My main reason for going to South Korea was to photograph the engagement session of Lauren’s clients Amanda and Jeff, whose wedding we’re shooting this summer. It was an incredible experience and truly a once in a lifetime opportunity. Sadly, Lauren was not able to make the trip with me due to some health complications (she’s all better now). Originally, we had planned to spend about four days in Seoul. But with me by myself, I cut it back to one day so I could get back to the States and take care of Lauren.

With only 24 hours to shoot something for myself, I hit the streets and just wandered around. I was in two main areas of Seoul: Nonhyeon-dong and Itaewon-dong. Both areas were pretty touristy, but I was determined to find something Korean to shoot. It was actually pretty hard. Most of Seoul is pretty modern and if it weren’t for the signage and Asian majority, you’d think you were in New York. But seek and you shall find. I found the coolest looking restaurant off the beaten path in Itaewon. This series of photos are probably my favorite from the trip. I’ll post more shots from my Seoul photo walk next week.

A Local Joint - Seoul, South Korea

A Local Joint - Seoul, South Korea

A Local Joint - Seoul, South KoreaA Local Joint - Seoul, South Korea

A Local Joint - Seoul, South Korea

A Local Joint - Seoul, South Korea

Up the Spiral

Busy week! I’ve got some cool blog posts in the works, but for now enjoy this twirling wonder of Parisian Architecture. This spiral staircase is located at Panthéon and leads down to the crypt that is the final resting place of many French artists, politicians, scientists, and military heros. It’s a pretty amazing place. That spiral goes up about 8 stories and is only about 6 inches in diameter.

Flight (Diptych)

I’ve been looking at these two photos for a while now and thought I would post them separately. They are some of my favorite shots from our trip to London last fall. I  was trying to decide which one I liked better and kept flipping back and forth between the two. Then I put them side by side and that’s when it hit me that they worked great together as a diptych. I’m not a master at diptychs, but I really like them. I don’t usually put black & white shots side by side with color, but I like the context of the two. Reminds me of our time traveling through Europe.

If you click on the image, it will enlarge to fill your screen.

Lady in Blue Walking Through

One thing that is nice about shooting film, (Kodak Portra 400 in this instance) is that it is what it is. With digital, especially RAW files, you have to always tweak something. Add a little contrast, desaturate the reds, add clarity, etc. etc. True, you can tweak film scans, but the basic color and tonal range is more there than a RAW file is right out the camera. Plus, shooting with that little Lomo, it just does magical things with the focus.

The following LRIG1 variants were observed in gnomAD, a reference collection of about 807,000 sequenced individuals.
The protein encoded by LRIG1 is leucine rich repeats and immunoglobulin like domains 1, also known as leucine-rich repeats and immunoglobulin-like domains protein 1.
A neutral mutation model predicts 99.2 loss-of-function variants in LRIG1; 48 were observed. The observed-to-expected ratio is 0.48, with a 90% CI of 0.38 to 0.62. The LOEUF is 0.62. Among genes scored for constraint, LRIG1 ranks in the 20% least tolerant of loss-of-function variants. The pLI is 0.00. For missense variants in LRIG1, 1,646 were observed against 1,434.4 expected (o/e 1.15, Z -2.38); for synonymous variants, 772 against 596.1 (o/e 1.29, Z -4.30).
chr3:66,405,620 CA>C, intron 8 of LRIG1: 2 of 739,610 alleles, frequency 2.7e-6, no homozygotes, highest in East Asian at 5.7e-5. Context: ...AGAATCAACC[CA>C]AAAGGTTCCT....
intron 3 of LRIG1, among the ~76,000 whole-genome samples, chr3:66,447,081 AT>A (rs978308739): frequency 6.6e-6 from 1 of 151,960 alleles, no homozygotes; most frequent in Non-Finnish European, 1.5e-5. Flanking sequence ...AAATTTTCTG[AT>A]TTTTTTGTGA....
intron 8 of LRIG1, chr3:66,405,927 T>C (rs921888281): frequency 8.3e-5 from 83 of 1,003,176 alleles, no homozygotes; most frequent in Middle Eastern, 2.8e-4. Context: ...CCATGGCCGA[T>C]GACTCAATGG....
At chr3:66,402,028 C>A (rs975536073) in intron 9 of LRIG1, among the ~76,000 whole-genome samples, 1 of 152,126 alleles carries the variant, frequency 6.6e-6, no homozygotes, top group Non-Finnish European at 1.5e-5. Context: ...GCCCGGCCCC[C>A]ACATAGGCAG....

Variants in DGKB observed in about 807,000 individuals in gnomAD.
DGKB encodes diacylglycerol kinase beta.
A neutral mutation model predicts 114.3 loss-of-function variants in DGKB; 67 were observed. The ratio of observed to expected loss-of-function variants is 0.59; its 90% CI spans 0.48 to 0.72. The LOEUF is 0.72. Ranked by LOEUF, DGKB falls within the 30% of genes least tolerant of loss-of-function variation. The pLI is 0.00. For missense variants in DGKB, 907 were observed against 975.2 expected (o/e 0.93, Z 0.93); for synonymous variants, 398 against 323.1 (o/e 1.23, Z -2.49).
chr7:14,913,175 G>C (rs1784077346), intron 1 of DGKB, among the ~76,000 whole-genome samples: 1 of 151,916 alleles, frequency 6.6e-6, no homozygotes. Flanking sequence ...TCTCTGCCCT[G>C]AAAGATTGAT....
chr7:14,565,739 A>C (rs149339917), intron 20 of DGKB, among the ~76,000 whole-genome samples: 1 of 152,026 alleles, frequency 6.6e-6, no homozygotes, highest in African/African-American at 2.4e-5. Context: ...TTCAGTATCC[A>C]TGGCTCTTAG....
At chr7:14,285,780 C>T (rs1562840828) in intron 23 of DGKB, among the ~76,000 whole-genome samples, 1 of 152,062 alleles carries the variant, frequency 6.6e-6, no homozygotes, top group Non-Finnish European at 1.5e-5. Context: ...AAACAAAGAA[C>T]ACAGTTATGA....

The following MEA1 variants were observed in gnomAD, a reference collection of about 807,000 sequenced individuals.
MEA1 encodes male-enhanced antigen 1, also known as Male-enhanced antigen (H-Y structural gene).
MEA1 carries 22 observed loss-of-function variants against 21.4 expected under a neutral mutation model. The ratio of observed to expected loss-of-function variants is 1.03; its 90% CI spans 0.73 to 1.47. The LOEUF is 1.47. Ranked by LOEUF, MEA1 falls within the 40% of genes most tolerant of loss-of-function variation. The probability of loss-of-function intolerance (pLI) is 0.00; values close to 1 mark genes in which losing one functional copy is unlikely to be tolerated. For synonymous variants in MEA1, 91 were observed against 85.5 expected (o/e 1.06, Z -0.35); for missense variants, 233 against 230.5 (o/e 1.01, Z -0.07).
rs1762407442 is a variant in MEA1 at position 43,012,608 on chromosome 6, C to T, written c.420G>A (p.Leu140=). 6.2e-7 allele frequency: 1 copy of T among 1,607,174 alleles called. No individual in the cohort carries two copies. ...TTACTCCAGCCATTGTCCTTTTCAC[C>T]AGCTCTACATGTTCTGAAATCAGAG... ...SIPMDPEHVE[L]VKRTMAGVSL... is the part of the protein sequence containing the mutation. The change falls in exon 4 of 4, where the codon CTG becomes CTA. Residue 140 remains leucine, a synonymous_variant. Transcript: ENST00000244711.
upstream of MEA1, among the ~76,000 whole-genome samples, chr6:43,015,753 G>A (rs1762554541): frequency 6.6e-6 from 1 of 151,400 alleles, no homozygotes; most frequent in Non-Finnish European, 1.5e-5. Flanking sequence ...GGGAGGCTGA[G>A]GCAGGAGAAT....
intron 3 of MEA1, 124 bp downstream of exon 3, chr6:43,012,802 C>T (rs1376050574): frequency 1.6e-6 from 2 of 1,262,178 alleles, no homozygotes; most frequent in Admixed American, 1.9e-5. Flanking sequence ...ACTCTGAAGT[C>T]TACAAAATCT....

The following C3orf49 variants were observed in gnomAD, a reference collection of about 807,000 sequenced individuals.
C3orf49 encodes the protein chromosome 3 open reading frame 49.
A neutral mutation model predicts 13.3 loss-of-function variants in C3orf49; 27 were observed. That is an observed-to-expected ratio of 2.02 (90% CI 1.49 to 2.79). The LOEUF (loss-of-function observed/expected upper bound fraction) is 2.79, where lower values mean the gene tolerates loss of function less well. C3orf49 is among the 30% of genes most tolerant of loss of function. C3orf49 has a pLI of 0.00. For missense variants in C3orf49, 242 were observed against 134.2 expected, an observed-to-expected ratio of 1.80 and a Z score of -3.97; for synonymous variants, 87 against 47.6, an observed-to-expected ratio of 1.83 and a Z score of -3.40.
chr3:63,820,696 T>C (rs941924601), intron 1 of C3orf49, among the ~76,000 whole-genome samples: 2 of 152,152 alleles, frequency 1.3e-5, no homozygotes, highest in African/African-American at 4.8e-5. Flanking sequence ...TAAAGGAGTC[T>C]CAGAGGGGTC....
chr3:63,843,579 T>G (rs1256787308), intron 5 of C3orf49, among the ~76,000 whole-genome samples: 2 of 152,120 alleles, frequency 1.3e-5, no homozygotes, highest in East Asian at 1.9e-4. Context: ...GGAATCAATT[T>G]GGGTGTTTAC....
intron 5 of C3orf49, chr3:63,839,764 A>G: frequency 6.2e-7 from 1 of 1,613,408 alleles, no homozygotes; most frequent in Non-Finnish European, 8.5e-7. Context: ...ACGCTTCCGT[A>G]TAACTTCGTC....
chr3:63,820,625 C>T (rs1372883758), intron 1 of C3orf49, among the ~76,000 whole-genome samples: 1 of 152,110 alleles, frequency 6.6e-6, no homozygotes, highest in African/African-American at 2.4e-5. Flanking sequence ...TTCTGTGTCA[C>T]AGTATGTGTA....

I shot this a week or so at the Portland Japanese Garden. Amazing place… highly recommend it if you’re visiting or haven’t gone before. Spring time is coming up and the blooms are quite beautiful here.

X Marks the Spot

Click Here to Buy a Print

Big images are back! I’m very excited about this latest tweak to the photoblog portion of my blog. I like the 2 column sidebar layout for my normal blog posts, but for my fine art work, I really wanted to have bigger images. It took a little fancy PHP “if this {”  and “else {”  of the template, but it worked. Now I just have to go back through 400 some odd posts and replace the small images for large ones. Oh joy.

About this photograph: I’ve only shot aerials once, but it was a lot of fun. I can see why photographers like Cameron Davidson specialize in it. It’s incredible way to see our world and the patterns that emerge naturally or man made. Since I didn’t have access to a helicopter in Paris, I had to settle for the Eiffel Tower. I think we’re pretty close to the top looking down on the Champs de Mars. I like how the road and the park form an X.

Hey, if you like this shot, head over to my archive and buy a high quality fine art print. It’ll look great on your wall. All my fine art prints are now hand printed in Portland, Oregon on high quality Hahnemühle paper.

The Curved Staircase #1 & #2

We took the Metro to the Louvre, so I didn’t see this entrance staircase until I was leaving. It’s really a pretty incredible feat of engineering. The spiral staircase floats around a column that doubles as an elevator and connects the outside courtyard to the belly of the museum. Definitely go in this way if you ever go to the Louvre.

Looking Through the Pyramid

I finally got to visit the Louvre on our most recent trip to Paris. The museum is huge and holds an incredible collection of art, I barely scratched the surface of what’s there. I did get to see some of the famous works including the Mona Lisa, Venus de Milo, and Winged Victory of Samothrace. Seeing those was quite an experience on their own.

This shot is from inside looking through the Louvre Pyramid. A trick I learned from shooting with my iPhone is that you can put small camera lenses in places you don’t normally go with bigger cameras. I literally stuck the lens right under the base point of the Pyramid and shot upwards.

These next few blog post will highlight some of my favorite shots I took on my afternoon there. All these shots were taking with my Lomo. And don’t forget to subscribe to my RSS feed if you want to keep up with the blog from the comfort of your own RSS Reader.